Tuesday, October 30, 2012

Hurricane Day

Monday, October 29, 2012

Hurricane Sandy is loping along her wanton path somewhere several hundred miles south and slightly west of us here in RI.  Word is she's supposed to be turning west into New York and New Jersey by now.  It's about 4:45, and her intensity in our little neighborhood has only 'moved up a notch' since I was up on the ladder at 7 a.m. screwing 3/8" plywood over all the fragile old window sash on the front of the house.  I might even say I'm just a mite bit disappointed in the low-level performance of this "Monster Hurricane" we've been hearing about for the last 2 days.  I haven't really been checking in on weather a few hours now, as it's been sort of a quiet and uneventful time here.  We've all whiled away the day sort of hanging out, each of us with our own rendition of "doing nothing".  Been kind of nice actually. 

I watched the first episode of "Battlestar Galactica" on Netflix, after having spent a couple weeks being brought up to speed on the otherwise, to me, incomprehensible story by the entire season of its pilot prequel,"Caprica", which provides a reasonably entertaining back-story.   The original version of "Battlestar" was in fact produced in the 80s, and it's recieved a good deal better production this time around.  The story has also been made a fuller experience with inclusion of the afore-mentioned prequel, and is all together pretty engaging and not so campy at all- the only potential exception being in the ultra-hot, ambitiously blonde Cylon nymph who inhabits the mind of the traitorous human scientist (but I'll concede it's actually an intruiging nudge at what we in our pop-society call "mental illness")... funny I don't remember her character's name...

My wife has been entertaining the piano to facilitate learning her music for choir practice, between visits sitting outside the kitchen door to commune with Sandy's periphery and cooking various food items for us all to browse through the day.  My kids are upstairs playing "Animal Jam" on-line and being checked in on from time to time by their annoying parents.  My elder kid and I took a walk out to the pond earlier today to watch the wind-spirits fly across the surface of the water, look for still-living palm-sized snails, and lean back into the wet gusts of wind. 

So far we haven't had need of any emergency measures or hunker-down sessions.  It's just been a quiet, sort of pleasantly listless day of rest.  I'm almost bored... and quite content with it.  Ah, and now I think I'll go see if  I can dig up that bottle of Moxie I bought yesterday, which seems to have disappeared.  Might be my kids have taken after their old dad. 

And with that I'll sign off, leaving you with the word my friend and band-mate Larry said to me over email early this morning, "Stay dry and vertical".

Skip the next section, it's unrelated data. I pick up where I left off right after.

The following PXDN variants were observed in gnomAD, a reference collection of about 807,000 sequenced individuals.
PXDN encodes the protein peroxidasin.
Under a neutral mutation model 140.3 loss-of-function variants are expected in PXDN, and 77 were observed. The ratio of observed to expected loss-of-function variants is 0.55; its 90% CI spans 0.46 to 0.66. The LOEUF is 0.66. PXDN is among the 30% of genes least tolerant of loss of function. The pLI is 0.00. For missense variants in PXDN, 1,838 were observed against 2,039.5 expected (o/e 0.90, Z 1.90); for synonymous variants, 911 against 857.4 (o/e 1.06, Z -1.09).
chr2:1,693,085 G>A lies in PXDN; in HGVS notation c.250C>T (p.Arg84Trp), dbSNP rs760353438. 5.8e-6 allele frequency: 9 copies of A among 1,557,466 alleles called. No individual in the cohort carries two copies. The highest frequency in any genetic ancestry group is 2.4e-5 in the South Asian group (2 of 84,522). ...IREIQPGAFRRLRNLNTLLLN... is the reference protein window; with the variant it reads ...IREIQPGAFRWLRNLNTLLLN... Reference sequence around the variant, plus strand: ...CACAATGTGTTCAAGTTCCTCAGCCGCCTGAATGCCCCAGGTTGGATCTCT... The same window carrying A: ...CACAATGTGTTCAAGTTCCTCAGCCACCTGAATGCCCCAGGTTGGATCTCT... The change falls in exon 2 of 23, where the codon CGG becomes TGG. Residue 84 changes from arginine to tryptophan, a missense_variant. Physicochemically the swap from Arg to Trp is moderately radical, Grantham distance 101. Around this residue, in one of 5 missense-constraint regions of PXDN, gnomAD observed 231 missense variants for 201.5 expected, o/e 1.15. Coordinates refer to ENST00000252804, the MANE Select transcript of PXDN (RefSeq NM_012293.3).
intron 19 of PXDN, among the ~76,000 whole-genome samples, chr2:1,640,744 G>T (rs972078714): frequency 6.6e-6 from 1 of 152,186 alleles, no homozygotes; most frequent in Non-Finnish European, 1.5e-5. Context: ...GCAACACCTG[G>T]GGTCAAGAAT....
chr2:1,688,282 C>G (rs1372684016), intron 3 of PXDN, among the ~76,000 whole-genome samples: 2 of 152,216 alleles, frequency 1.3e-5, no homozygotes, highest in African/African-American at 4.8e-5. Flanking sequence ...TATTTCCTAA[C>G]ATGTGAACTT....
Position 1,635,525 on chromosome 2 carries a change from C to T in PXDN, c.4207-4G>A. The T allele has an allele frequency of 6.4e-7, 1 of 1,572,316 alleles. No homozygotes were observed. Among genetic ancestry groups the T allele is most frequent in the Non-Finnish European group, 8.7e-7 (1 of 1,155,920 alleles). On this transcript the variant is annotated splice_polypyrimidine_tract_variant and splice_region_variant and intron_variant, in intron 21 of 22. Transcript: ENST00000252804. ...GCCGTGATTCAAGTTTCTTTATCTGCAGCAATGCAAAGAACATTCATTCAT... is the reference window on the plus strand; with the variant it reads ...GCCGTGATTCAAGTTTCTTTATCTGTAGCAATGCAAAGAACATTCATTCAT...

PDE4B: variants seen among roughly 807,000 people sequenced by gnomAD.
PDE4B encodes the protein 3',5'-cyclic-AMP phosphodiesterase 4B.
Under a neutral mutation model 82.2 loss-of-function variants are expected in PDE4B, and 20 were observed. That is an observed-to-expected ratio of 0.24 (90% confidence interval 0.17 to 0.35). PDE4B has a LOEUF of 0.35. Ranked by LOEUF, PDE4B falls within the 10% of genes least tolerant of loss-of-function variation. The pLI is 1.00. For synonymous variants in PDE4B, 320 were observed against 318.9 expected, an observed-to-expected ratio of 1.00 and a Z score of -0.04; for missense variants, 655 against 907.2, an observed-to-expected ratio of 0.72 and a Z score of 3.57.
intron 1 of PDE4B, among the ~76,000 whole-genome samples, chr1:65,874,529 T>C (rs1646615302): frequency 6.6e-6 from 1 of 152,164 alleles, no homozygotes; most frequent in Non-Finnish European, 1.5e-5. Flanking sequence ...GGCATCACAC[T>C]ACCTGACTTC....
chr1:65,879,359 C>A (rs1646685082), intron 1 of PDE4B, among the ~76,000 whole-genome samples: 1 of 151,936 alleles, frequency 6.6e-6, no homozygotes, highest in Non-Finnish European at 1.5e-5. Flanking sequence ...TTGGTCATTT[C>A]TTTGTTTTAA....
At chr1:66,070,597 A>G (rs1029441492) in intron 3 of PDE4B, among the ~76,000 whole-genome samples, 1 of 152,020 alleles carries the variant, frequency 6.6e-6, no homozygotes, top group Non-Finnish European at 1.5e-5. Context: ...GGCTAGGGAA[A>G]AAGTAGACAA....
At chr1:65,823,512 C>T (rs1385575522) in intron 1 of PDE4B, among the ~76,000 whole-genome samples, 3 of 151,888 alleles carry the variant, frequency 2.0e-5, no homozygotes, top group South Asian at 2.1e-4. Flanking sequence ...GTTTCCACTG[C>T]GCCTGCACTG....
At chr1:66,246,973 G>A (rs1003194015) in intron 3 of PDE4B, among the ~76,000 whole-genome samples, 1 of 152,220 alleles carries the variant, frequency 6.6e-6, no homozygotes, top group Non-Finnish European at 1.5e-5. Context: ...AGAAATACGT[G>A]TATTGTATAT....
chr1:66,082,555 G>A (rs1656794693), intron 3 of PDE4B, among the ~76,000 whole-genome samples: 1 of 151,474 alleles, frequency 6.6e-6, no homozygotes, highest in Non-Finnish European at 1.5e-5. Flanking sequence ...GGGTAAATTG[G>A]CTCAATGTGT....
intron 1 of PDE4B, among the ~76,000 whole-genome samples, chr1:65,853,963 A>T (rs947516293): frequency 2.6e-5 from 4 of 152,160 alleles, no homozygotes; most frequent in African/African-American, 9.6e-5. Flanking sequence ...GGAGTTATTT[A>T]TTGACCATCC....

Thursday, October 25, 2012

On Remaining Misunderstood: Moxie

"On Remaining Misunderstood: Moxie", or, "Musings on the Psychotropic Nature of Obscure Summer Drinks"


I did a shopping run this afternoon, and soda was on the list.  My daughters had a middle school dance to go to and needed to bring soda and chips.  In the soda and chips aisle of our local Stop & Shop I ran across a plastic bottle of "Moxie",  something I hadn't had in, gawd... years... and so I stuck one in the cart.  Not since I was a young kid living at my grandparents' house in Westerly, RI, had I tipped that venerable unlikely-tasting brew over my hapless, resigned taste buds (with all the grim relish of a pre-pubescent would-be Dr. Jekyll).  All these years have gone by since those hazy memories settled into their place in my psyche; how have I just walked by it so many times all these years? 

I got home from the supermarket, my eldest helped me get the loot out of the trunk and we got it all put away.  About an hour or so later the girls and their mother went off to choir rehearsal, and I found I had a quiet moment on my hands for a little Moxie-induced reverie.  I pulled my favorite glass out of the cupboard and poured a sample of the ancient elixir... there was the familiar smell, that fizzy, funky taste ... and in an instant I was transported back to my grandmother's kitchen.  There I was, 6 years old sitting on the red Cosco (tm) step-stool in the corner of the over-sized kitchen under the big wall-cabinet, my glass of Moxie sitting there next to me on the old granite counter-top.  The fulness of my youth-through-early-teens period came flooding back into my awareness.  It was a pretty interesting moment, like seeing your past in a movie that you could stand in the midst of.  I was re-living my childhood.

I was suspended in that bridge of atmospheres between the "then" and the "now", and my attention was quite fully arrested by what I was experiencing.  "This is how it was when you were 6"... if a voice-over could have been present, that's what it would have said.  It was a sudden, but not unpleasant change of awareness.  I was being transported to the life of what seemed a whole other person, but was not disoriented.  It was me, you see, and it's really something to be able to truly know a moment in time, 40+ years back in the recesses of the long, twisted path that was your life, as if it were happening right now.  But it is, after all, where you come from, what was formative to who you are now.  You have to reckon it, to recognize yourself, and take account for it.